Two centuries ago, Edmund Burke famously mocked the intellectuals of revolutionary France for trying to devise a perfectly rational constitution for their country. The Abbé Sieyès, he wrote, had
whole nests of pigeon-holes full of constitutions, ready made, ticketed, sorted and numbered, suited to every season and every fancy . . . so that no constitution-fancier may go unsuited from his shop.
The Abbé Sieyès has had his imitators in England lately. The last government devoted much intellectual energy and parliamentary time to producing a theoretical separation of the judiciary from the legislature and the executive, when a practical separation had existed for years. The current coalition has devoted at least as much attention to the organisation and membership of the legislature: a smaller House of Commons, an elected House of Lords, fixed-term parliaments, equal constituencies, the alternative vote.
All of this has proved to be of consuming interest to the political classes, and of none whatever to the population at large. The contrast was painfully demonstrated in the referendum on the alternative vote. Nearly 60 per cent of the electorate did not trouble to vote. An overwhelming majority of those who did, voted for no change, mainly, it seems, because the alternative vote, for all its rationality as a method of conveying voting preferences, seemed too clever by half. It needed too much explanation. Refinement and rationality are obviously not qualities that the British look for in their constitutions. Perhaps we are all Burkeans now.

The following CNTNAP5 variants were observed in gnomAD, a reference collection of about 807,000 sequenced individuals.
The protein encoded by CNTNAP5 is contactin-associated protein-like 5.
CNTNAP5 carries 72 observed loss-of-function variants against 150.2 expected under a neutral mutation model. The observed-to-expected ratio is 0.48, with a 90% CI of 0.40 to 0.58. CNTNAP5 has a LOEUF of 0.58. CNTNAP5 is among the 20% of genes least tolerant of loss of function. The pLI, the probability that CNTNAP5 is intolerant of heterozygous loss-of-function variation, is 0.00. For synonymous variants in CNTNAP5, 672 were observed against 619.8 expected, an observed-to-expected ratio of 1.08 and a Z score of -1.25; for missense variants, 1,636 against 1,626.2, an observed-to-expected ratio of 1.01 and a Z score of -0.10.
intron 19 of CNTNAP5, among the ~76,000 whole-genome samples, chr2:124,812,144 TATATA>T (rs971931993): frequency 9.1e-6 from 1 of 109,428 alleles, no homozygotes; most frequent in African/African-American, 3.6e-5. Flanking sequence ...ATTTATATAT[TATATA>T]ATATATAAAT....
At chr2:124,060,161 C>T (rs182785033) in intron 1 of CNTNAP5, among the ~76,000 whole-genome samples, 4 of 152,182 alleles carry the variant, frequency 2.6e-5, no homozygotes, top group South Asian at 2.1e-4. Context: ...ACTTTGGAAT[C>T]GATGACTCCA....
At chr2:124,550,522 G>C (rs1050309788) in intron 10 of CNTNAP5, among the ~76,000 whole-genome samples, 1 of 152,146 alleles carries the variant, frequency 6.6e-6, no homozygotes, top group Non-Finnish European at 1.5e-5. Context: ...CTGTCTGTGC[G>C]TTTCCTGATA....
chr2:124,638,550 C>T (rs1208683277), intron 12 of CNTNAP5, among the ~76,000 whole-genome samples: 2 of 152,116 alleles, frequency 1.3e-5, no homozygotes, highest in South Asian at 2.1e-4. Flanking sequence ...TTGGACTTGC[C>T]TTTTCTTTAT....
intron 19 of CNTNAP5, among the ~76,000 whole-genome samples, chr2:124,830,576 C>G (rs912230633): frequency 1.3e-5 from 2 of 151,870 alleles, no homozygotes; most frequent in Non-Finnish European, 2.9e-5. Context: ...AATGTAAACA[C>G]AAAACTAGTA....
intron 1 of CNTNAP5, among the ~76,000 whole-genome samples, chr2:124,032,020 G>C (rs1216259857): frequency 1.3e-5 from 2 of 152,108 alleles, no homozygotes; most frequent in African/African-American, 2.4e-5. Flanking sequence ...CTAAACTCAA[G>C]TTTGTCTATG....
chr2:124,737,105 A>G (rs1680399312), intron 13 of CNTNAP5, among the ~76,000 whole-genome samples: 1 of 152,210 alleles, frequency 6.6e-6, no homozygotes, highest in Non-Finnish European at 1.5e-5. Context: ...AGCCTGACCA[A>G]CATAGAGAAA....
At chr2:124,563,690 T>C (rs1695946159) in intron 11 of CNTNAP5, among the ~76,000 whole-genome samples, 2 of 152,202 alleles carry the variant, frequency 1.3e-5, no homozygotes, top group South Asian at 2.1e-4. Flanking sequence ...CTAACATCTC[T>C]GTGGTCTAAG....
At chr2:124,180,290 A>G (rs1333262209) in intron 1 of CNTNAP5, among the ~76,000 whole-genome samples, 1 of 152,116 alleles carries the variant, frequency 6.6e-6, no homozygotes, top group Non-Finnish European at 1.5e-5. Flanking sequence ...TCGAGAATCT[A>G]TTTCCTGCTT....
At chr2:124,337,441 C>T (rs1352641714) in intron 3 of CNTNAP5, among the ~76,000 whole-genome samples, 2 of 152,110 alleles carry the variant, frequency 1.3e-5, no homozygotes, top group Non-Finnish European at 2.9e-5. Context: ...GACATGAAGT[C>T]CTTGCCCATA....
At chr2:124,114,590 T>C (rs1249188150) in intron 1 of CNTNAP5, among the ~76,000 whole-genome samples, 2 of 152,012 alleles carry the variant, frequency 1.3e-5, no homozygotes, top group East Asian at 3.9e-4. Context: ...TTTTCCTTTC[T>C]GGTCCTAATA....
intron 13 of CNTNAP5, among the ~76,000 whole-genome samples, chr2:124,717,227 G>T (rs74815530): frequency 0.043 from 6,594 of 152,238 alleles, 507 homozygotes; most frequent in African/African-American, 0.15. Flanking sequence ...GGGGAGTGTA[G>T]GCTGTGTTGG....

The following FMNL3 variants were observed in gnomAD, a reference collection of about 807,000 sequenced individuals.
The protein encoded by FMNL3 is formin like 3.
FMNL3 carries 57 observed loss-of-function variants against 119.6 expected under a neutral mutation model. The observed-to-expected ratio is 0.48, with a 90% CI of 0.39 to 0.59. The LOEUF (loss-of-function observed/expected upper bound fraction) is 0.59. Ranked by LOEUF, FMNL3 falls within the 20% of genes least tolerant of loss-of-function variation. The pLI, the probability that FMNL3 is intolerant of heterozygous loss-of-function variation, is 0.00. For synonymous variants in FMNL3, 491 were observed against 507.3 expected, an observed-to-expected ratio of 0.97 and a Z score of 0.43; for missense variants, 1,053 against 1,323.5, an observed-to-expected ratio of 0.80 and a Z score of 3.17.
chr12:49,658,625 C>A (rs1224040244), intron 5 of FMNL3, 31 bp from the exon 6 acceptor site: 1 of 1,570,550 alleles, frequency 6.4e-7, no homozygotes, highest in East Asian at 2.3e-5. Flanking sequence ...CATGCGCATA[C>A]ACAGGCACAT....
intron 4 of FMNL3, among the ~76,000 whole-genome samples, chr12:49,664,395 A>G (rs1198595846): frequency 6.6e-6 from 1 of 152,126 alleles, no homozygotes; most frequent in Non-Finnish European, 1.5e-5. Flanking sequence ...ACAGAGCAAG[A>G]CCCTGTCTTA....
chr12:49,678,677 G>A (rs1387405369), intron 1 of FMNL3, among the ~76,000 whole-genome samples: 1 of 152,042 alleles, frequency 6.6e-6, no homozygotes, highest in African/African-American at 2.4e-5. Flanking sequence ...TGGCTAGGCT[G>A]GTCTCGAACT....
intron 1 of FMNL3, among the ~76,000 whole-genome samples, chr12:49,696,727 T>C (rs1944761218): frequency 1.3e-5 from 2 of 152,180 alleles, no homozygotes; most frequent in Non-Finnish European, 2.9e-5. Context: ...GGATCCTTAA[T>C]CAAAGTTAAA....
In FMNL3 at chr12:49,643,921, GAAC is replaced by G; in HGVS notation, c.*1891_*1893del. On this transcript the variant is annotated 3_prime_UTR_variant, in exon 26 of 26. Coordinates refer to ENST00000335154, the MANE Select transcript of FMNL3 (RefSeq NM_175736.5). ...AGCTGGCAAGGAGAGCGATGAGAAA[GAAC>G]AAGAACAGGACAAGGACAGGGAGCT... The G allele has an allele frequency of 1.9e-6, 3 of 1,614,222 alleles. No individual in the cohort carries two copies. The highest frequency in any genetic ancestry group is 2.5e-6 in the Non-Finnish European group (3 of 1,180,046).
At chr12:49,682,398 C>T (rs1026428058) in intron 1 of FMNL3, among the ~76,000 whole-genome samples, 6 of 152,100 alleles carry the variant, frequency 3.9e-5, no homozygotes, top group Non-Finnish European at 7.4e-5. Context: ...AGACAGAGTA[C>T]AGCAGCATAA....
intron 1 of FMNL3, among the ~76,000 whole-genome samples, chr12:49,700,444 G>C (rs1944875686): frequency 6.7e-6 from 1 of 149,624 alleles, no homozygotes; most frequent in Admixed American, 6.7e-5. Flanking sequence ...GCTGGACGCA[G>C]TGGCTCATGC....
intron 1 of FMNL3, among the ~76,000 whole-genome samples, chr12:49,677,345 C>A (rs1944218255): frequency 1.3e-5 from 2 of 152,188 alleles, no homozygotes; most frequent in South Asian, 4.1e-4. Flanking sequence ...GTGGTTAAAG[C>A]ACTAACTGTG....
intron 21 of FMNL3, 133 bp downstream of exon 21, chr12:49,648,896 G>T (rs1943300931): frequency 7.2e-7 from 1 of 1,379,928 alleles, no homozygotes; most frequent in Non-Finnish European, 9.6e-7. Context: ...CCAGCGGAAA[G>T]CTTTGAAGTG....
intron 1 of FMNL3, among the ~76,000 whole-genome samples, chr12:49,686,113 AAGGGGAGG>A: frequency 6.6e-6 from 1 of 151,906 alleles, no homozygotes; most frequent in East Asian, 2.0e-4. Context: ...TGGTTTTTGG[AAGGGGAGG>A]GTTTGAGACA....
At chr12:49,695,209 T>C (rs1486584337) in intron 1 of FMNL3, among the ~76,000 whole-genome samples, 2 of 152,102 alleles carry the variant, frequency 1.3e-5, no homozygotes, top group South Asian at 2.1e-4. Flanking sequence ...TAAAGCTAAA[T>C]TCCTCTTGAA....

It would be unfair to call Vernon Bogdanor the Abbé Sieyès de nos jours. But he is undoubtedly a considerable authority on constitutions generally and the British one in particular. He has been a great figure in the Oxford politics school for as long as the mind of man can reckon, the present Prime Minister being one of his better known pupils. Professor Bogdanor is on record as saying that his ex-pupil could do with some more tutorials on the constitution. He takes a dim view of the constitutional proposals adopted by the coalition government as part of the patchwork of agreements that brought them together in May 2010.
This book explains why. It examines in detail the implications of the various changes which the present Parliament has either enacted or submitted to referendum. It draws not only on England’s long experience of democratic politics, but on the experience of other countries where similar proposals have been adopted. Some of the material will be familiar from Bogdanor’s other books, but this is probably the best short introduction in the bookshops to our current constitutional debates.